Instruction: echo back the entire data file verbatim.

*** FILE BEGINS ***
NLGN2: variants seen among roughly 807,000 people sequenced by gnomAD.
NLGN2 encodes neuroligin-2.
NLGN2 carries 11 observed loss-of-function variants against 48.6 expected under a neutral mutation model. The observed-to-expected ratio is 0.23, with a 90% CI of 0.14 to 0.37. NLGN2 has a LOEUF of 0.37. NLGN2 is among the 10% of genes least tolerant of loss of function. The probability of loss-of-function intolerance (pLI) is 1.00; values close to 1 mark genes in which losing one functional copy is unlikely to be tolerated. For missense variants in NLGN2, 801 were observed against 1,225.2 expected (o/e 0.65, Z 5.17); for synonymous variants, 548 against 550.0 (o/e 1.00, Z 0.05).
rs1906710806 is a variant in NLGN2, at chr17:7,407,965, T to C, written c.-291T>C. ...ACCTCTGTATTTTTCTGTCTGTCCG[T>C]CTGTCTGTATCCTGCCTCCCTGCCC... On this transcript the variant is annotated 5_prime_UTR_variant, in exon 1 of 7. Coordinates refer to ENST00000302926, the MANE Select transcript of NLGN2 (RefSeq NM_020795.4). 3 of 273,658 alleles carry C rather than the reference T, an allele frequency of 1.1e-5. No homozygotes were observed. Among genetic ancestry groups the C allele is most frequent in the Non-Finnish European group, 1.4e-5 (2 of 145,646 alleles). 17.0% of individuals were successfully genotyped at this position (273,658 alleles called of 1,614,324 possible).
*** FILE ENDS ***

NLGN2: variants seen among roughly 807,000 people sequenced by gnomAD.
NLGN2 encodes neuroligin-2.
NLGN2 carries 11 observed loss-of-function variants against 48.6 expected under a neutral mutation model. The observed-to-expected ratio is 0.23, with a 90% CI of 0.14 to 0.37. NLGN2 has a LOEUF of 0.37. NLGN2 is among the 10% of genes least tolerant of loss of function. The probability of loss-of-function intolerance (pLI) is 1.00; values close to 1 mark genes in which losing one functional copy is unlikely to be tolerated. For missense variants in NLGN2, 801 were observed against 1,225.2 expected (o/e 0.65, Z 5.17); for synonymous variants, 548 against 550.0 (o/e 1.00, Z 0.05).
rs1906710806 is a variant in NLGN2, at chr17:7,407,965, T to C, written c.-291T>C. ...ACCTCTGTATTTTTCTGTCTGTCCG[T>C]CTGTCTGTATCCTGCCTCCCTGCCC... On this transcript the variant is annotated 5_prime_UTR_variant, in exon 1 of 7. Coordinates refer to ENST00000302926, the MANE Select transcript of NLGN2 (RefSeq NM_020795.4). 3 of 273,658 alleles carry C rather than the reference T, an allele frequency of 1.1e-5. No homozygotes were observed. Among genetic ancestry groups the C allele is most frequent in the Non-Finnish European group, 1.4e-5 (2 of 145,646 alleles). 17.0% of individuals were successfully genotyped at this position (273,658 alleles called of 1,614,324 possible).